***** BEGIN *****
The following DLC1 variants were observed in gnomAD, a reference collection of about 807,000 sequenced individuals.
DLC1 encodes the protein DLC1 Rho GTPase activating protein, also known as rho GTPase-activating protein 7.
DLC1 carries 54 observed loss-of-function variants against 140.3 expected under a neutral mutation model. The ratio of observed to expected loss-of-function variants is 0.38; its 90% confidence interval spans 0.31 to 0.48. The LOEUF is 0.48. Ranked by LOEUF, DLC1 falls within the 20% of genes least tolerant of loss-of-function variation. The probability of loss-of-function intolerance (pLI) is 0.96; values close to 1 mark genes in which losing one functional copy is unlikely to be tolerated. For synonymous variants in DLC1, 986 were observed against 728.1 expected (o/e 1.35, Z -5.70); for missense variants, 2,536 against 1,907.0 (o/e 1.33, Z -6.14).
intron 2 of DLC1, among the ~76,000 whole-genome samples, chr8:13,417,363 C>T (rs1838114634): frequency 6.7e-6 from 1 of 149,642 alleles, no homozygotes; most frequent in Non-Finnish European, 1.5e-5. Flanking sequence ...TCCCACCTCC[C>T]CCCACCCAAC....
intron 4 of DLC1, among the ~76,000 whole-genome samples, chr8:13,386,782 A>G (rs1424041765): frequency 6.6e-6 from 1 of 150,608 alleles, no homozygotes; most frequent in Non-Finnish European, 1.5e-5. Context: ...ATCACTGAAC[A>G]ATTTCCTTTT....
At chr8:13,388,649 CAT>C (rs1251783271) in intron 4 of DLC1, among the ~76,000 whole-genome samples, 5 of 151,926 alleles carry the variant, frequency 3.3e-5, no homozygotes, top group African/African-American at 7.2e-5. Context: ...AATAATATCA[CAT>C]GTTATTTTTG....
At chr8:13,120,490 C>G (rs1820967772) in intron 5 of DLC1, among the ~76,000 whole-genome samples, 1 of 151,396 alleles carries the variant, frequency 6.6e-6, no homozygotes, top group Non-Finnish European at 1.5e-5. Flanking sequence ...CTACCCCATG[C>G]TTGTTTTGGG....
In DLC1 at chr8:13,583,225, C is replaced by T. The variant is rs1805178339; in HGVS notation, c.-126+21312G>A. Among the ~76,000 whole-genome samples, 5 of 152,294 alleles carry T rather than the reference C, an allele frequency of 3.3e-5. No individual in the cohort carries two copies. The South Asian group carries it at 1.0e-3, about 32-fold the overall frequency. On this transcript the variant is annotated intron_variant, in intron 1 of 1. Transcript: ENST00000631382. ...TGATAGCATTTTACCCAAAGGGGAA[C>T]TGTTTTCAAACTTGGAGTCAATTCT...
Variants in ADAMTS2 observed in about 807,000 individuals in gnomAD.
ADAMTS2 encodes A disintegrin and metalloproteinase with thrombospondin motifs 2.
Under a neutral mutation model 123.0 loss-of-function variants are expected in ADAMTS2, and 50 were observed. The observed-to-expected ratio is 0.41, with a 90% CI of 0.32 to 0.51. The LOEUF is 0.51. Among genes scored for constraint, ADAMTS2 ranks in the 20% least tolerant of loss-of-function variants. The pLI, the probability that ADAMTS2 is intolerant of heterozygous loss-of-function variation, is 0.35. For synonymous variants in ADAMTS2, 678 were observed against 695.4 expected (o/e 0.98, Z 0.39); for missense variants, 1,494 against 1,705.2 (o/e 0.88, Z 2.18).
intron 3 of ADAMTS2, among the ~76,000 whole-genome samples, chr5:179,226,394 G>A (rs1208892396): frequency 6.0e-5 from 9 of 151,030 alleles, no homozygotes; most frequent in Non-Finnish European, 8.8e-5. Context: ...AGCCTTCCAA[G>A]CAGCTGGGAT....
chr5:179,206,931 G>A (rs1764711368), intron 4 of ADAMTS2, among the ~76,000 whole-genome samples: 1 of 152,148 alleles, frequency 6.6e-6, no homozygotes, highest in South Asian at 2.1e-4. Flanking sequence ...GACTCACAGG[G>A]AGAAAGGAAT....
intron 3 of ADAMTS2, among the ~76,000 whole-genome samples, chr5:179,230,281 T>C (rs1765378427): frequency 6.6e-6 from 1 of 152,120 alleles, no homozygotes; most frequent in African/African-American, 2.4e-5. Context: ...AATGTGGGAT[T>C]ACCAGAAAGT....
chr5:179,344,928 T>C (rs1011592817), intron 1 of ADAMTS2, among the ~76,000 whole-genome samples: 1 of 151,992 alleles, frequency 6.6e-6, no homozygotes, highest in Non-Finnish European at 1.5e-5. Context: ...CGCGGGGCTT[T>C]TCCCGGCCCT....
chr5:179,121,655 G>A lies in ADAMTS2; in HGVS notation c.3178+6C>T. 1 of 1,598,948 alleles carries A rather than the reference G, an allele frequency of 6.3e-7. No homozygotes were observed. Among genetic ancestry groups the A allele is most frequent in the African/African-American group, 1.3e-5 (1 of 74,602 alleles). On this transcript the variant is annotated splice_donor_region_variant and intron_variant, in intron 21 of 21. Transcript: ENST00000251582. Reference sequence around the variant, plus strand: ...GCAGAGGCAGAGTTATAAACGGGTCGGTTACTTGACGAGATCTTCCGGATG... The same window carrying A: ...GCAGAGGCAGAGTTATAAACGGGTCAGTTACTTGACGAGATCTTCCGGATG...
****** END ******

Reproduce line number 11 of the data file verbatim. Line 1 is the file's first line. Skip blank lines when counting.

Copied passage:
Under a neutral mutation model 123.0 loss-of-function variants are expected in ADAMTS2, and 50 were observed. The observed-to-expected ratio is 0.41, with a 90% CI of 0.32 to 0.51. The LOEUF is 0.51. Among genes scored for constraint, ADAMTS2 ranks in the 20% least tolerant of loss-of-function variants. The pLI, the probability that ADAMTS2 is intolerant of heterozygous loss-of-function variation, is 0.35. For synonymous variants in ADAMTS2, 678 were observed against 695.4 expected (o/e 0.98, Z 0.39); for missense variants, 1,494 against 1,705.2 (o/e 0.88, Z 2.18).